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Risk management: The best-laid plans

August 1st, 2007 / By: / Safety & Codes

Managing risk in the tent rental industry is difficult, but not impossible.

Even in the face of external forces outside your control, managing risk appropriately is not an impossible task. Risk management is a process that all reputable event companies take seriously. “Experience can tell you what the risks are,” says Tom Simpson, vice president of American Tent & Awning, Indianapolis, Ind. “It is up to the tent renter to advise the client accordingly.”

Risk basics

Chris Rogers of Aon Risk Services Inc. is a risk management consultant who works with tent rental companies as vendors for events that he coordinates. Rogers has used tents at the Super Bowl, the NFL Experience event and corporate parties. Rogers looks at the tent industry from a sponsor’s point of view. “I want to see that the tent company has provided certificates of insurance, that the tents are properly staked, that they are not going to present trip-and-fall events and that the materials meet all federal requirements for flammability,” Rogers says. “We use references from their last three jobs so we can look at quality as well as price.”

A key component of Rogers’ advice: “Make sure you don’t create hazards that didn’t exist before.” This advice applies both to setup and during the event. “Keep stakes out of areas with heavy pedestrian traffic; tie colored ribbons at eye level to the rope staking,” he advises. “Cover the sharp corners of tent stakes to prevent hazards. Make sure there are no gas lines or pipelines of any kind, or electrical cabling, and make sure you don’t puncture anything underground.”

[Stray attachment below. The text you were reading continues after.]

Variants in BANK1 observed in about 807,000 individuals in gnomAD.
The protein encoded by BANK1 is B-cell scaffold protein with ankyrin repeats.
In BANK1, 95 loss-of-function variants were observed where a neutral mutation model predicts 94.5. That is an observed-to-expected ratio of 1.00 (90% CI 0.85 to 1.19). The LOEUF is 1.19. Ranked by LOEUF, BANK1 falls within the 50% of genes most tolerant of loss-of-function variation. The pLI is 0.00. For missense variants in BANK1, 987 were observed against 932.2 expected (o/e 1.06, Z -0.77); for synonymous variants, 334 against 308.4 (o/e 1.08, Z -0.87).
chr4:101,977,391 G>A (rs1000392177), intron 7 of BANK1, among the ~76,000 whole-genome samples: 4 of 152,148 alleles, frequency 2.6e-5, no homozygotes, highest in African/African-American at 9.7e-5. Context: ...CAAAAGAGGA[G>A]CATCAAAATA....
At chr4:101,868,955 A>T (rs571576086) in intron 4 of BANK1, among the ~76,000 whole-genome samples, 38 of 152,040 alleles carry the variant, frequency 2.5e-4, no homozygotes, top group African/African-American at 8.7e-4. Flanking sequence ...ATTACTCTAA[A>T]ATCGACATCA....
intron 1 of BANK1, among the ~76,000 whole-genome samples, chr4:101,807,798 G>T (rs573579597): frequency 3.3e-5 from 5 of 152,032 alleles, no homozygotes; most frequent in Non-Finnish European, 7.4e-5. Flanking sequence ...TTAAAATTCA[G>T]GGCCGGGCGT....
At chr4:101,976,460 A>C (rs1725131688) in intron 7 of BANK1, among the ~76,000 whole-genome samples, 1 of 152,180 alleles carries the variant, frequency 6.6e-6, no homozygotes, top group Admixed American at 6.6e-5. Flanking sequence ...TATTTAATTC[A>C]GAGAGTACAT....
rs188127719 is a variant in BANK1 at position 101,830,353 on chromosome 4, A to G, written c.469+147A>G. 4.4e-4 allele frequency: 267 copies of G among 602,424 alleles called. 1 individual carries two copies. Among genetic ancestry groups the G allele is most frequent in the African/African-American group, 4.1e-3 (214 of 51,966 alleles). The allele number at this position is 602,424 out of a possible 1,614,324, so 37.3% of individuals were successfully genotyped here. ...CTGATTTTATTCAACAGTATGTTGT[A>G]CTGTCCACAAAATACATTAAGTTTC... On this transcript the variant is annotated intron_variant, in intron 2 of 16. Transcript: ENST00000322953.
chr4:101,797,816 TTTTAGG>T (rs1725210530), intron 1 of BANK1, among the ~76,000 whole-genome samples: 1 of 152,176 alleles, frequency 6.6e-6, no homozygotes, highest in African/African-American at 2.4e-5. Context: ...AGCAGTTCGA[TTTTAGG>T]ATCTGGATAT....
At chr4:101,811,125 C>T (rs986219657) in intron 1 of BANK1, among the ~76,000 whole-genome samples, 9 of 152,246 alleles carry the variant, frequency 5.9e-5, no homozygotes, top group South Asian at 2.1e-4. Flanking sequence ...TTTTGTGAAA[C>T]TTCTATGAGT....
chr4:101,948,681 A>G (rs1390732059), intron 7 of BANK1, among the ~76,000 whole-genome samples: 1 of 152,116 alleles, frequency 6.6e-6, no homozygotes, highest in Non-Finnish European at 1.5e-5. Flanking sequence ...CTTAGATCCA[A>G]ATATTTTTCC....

Training is a crucial way to ensure risks are better managed. John Costa of B.C. Tent & Awning Co. Inc. in Avon, Mass., holds three to four days of training for new employees. This includes visual inspections of proper safety and handling, setting up a tent, and appropriate lifting techniques.

Good protection

Insurance protects the company, its employees and the client. Every employer needs workers’ insurance. It’s also crucial to find an insurance broker who understands that the rental business is unique: Last-minute events do happen, and rental companies may need to produce proof of insurance and verify site plans quickly.

Rogers carefully chooses which companies to recommend for an event and considers their insurance companies when doing so. “Some insurance companies are not that reputable,” he says, “so the vendor has to be with a certain level of company before the event planner will even accept them.” To determine the insurance company’s level, Aon Risk Services examines its financial capabilities. “We don’t want to be in the position of recommending a company that might not be able to meet the financial levels that they are saying they can,” Rogers says. “So there are ratings—A, AA, AAA—that help show if you should trust them.”

Anticipating risks